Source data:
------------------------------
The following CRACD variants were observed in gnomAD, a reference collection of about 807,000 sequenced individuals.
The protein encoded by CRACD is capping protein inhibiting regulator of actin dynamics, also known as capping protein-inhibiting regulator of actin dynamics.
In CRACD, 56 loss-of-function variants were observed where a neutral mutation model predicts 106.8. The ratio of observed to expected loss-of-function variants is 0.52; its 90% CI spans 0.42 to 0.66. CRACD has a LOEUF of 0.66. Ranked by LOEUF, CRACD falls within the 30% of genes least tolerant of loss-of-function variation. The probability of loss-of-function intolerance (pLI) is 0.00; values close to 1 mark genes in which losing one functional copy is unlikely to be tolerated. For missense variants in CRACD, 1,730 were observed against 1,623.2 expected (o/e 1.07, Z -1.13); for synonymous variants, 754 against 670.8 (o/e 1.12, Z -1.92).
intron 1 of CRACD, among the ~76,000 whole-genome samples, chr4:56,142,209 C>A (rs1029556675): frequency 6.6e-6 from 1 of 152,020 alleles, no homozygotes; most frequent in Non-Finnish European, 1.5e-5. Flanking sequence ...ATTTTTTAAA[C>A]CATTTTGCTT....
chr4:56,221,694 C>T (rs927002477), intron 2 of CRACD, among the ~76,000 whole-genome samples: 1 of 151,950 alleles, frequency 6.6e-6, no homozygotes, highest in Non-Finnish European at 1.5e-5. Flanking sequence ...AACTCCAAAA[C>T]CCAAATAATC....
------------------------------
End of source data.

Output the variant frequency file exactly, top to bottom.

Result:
The following CRACD variants were observed in gnomAD, a reference collection of about 807,000 sequenced individuals.
The protein encoded by CRACD is capping protein inhibiting regulator of actin dynamics, also known as capping protein-inhibiting regulator of actin dynamics.
In CRACD, 56 loss-of-function variants were observed where a neutral mutation model predicts 106.8. The ratio of observed to expected loss-of-function variants is 0.52; its 90% CI spans 0.42 to 0.66. CRACD has a LOEUF of 0.66. Ranked by LOEUF, CRACD falls within the 30% of genes least tolerant of loss-of-function variation. The probability of loss-of-function intolerance (pLI) is 0.00; values close to 1 mark genes in which losing one functional copy is unlikely to be tolerated. For missense variants in CRACD, 1,730 were observed against 1,623.2 expected (o/e 1.07, Z -1.13); for synonymous variants, 754 against 670.8 (o/e 1.12, Z -1.92).
intron 1 of CRACD, among the ~76,000 whole-genome samples, chr4:56,142,209 C>A (rs1029556675): frequency 6.6e-6 from 1 of 152,020 alleles, no homozygotes; most frequent in Non-Finnish European, 1.5e-5. Flanking sequence ...ATTTTTTAAA[C>A]CATTTTGCTT....
chr4:56,221,694 C>T (rs927002477), intron 2 of CRACD, among the ~76,000 whole-genome samples: 1 of 151,950 alleles, frequency 6.6e-6, no homozygotes, highest in Non-Finnish European at 1.5e-5. Flanking sequence ...AACTCCAAAA[C>T]CCAAATAATC....